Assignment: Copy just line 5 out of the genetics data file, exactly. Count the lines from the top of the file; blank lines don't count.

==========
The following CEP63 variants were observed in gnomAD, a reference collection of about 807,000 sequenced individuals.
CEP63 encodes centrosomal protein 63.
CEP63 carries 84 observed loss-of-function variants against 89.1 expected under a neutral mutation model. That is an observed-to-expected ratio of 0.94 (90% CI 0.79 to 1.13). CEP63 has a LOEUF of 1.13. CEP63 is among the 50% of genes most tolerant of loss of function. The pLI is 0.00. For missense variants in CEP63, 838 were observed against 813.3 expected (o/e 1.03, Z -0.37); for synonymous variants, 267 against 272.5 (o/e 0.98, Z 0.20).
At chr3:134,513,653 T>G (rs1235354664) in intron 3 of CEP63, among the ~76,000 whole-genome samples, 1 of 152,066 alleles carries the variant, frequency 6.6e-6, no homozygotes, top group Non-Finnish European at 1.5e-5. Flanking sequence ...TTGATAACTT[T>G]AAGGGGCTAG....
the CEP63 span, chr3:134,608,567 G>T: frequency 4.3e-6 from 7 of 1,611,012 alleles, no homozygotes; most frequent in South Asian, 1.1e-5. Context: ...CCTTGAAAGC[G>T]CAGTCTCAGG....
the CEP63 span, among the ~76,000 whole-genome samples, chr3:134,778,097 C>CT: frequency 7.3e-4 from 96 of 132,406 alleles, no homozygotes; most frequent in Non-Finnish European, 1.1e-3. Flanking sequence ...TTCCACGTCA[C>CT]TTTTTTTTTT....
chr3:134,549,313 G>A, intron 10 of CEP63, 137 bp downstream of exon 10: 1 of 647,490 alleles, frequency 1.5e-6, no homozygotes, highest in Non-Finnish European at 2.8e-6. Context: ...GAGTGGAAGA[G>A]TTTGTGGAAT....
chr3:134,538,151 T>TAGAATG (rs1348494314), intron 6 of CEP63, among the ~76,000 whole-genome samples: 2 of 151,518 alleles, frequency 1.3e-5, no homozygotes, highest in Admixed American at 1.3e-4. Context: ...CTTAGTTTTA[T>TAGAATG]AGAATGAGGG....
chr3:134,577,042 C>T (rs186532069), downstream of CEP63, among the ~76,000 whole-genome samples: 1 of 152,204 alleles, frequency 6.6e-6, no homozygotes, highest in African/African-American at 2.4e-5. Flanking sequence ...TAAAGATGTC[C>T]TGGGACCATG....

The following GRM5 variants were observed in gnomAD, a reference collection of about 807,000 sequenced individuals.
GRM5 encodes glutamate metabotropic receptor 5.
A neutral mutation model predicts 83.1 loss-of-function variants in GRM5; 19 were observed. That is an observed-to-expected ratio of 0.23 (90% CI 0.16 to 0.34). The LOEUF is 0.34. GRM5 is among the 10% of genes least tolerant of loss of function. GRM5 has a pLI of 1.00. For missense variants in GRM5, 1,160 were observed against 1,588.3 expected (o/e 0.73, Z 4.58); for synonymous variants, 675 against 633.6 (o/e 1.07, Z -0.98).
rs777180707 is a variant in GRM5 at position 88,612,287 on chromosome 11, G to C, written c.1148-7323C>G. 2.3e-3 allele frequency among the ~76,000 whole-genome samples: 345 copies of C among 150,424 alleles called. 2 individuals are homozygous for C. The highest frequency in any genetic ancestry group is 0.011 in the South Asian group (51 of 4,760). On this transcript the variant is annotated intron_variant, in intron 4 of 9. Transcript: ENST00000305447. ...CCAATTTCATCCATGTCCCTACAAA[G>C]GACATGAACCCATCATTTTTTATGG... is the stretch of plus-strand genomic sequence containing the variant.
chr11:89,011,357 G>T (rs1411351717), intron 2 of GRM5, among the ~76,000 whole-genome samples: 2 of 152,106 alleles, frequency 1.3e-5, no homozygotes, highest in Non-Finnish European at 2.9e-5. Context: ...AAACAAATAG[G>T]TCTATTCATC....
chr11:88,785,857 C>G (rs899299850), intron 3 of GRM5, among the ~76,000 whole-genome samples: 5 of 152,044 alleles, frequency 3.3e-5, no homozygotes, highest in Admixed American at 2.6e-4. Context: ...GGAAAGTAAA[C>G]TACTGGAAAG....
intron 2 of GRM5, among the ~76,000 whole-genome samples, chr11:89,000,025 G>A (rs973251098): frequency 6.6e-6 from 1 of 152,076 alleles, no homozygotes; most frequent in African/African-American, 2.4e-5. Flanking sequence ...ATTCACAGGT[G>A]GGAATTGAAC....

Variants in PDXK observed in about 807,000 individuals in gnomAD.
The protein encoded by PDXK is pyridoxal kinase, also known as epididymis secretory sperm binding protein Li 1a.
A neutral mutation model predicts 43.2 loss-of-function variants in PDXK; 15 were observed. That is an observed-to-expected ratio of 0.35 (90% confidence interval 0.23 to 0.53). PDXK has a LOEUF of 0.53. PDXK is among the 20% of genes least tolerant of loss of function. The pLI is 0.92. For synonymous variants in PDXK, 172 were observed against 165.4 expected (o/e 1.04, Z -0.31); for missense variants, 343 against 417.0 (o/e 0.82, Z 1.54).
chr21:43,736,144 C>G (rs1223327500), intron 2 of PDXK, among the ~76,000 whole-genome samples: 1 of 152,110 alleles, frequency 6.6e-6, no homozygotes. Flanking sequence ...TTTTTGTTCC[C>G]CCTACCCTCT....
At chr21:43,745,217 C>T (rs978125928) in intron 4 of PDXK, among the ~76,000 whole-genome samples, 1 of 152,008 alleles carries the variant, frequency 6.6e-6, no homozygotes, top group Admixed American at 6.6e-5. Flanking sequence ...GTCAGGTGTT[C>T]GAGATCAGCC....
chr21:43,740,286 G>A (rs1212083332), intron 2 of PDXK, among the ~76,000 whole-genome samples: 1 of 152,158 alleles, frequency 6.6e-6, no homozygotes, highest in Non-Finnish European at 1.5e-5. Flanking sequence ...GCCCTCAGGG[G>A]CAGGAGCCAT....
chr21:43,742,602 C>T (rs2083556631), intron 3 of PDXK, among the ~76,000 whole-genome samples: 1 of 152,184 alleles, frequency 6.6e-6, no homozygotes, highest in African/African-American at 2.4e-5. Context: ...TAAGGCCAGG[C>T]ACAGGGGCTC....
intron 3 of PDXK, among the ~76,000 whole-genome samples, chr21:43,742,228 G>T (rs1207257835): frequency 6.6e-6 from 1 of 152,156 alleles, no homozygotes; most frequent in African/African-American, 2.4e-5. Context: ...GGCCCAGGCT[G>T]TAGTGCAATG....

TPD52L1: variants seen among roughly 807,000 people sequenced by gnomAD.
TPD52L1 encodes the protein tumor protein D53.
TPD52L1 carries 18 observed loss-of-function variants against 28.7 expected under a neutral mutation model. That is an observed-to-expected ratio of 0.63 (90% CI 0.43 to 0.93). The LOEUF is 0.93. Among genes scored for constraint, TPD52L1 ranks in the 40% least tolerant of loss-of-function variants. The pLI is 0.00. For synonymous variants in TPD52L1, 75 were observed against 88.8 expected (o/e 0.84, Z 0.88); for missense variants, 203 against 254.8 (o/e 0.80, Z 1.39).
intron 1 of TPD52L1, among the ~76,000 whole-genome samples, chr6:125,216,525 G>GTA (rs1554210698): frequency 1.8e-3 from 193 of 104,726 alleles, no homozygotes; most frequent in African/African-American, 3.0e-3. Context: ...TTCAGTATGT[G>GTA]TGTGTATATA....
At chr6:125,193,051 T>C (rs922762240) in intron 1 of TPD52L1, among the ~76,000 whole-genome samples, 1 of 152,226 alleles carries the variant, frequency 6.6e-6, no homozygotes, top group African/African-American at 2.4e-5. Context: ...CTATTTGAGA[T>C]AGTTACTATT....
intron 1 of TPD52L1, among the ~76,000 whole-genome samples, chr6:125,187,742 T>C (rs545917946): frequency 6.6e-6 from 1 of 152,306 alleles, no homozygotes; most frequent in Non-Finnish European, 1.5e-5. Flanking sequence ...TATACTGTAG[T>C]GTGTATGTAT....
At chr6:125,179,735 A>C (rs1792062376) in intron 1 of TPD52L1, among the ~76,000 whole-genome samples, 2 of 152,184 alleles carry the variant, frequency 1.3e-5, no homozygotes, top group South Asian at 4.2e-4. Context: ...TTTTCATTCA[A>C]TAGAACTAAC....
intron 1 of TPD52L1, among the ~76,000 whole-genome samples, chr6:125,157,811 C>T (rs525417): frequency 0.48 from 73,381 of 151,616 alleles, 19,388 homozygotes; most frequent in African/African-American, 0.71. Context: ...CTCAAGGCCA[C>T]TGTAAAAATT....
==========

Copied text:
the CEP63 span, chr3:134,608,567 G>T: frequency 4.3e-6 from 7 of 1,611,012 alleles, no homozygotes; most frequent in South Asian, 1.1e-5. Context: ...CCTTGAAAGC[G>T]CAGTCTCAGG....